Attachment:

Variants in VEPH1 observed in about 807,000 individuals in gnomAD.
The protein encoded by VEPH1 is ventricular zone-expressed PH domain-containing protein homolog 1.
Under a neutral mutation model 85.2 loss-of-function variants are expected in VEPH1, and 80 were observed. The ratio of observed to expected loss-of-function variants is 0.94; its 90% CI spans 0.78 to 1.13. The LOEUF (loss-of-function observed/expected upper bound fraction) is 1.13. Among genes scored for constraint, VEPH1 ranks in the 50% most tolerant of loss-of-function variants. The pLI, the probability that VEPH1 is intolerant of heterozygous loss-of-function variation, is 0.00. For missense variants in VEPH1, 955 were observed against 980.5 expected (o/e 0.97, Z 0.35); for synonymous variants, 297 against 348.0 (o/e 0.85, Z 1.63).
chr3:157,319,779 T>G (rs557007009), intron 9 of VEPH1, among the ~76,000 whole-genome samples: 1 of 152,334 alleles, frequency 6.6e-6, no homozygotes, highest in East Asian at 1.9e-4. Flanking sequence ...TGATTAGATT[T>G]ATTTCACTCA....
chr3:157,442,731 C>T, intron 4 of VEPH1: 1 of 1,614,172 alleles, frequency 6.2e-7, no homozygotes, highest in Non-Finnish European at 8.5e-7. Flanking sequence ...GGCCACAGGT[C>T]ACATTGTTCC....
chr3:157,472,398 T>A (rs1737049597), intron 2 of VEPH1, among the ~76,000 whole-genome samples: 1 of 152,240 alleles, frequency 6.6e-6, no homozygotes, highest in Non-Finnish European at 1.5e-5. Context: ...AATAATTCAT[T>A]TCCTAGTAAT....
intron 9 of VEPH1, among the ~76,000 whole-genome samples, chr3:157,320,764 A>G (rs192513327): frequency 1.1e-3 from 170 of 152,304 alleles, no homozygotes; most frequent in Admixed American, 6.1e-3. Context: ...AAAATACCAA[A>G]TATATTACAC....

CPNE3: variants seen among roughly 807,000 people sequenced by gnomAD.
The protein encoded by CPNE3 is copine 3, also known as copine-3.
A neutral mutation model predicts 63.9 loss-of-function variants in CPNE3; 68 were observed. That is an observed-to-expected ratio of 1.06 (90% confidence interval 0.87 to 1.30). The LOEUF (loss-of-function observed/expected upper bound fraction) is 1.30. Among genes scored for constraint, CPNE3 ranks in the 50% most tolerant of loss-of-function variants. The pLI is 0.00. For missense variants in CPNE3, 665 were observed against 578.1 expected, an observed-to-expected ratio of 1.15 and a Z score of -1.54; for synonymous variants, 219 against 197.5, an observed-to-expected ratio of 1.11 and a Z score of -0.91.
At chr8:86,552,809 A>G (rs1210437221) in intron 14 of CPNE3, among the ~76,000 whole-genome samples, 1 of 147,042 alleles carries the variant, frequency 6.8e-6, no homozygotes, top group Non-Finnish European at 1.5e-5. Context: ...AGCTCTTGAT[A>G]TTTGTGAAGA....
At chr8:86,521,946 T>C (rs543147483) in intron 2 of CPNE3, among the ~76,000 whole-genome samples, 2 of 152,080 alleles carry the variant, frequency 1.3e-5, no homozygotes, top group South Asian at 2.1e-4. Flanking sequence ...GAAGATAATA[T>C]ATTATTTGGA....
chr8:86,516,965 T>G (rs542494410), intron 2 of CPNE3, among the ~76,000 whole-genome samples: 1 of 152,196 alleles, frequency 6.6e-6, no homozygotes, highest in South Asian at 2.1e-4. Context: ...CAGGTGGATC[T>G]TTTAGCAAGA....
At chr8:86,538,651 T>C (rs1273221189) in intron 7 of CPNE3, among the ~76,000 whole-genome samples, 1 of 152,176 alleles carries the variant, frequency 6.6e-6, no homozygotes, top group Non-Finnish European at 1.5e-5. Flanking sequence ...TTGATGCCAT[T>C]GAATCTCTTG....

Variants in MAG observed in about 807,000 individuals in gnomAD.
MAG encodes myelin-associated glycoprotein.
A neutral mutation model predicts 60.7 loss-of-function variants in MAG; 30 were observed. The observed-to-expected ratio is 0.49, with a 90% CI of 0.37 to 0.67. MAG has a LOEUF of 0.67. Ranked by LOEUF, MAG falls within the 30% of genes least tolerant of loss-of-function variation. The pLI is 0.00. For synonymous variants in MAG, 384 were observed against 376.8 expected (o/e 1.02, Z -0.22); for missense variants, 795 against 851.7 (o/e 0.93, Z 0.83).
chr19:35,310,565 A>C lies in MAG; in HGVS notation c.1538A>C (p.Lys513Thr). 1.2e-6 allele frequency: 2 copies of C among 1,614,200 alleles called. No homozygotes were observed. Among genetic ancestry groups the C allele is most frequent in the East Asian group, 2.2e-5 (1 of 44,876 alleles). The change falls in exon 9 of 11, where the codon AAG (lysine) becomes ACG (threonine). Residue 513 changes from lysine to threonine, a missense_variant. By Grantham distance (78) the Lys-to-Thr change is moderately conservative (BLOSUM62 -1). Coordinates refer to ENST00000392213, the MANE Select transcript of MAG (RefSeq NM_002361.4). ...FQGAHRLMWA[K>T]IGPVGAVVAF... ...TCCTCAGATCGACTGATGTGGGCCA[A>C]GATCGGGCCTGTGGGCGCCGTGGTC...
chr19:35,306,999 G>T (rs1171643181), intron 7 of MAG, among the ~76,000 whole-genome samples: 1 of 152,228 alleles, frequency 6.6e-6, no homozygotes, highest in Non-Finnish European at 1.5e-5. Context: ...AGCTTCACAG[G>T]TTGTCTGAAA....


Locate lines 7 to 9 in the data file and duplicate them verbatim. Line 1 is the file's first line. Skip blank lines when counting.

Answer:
intron 9 of VEPH1, among the ~76,000 whole-genome samples, chr3:157,320,764 A>G (rs192513327): frequency 1.1e-3 from 170 of 152,304 alleles, no homozygotes; most frequent in Admixed American, 6.1e-3. Context: ...AAAATACCAA[A>G]TATATTACAC....

CPNE3: variants seen among roughly 807,000 people sequenced by gnomAD.
The protein encoded by CPNE3 is copine 3, also known as copine-3.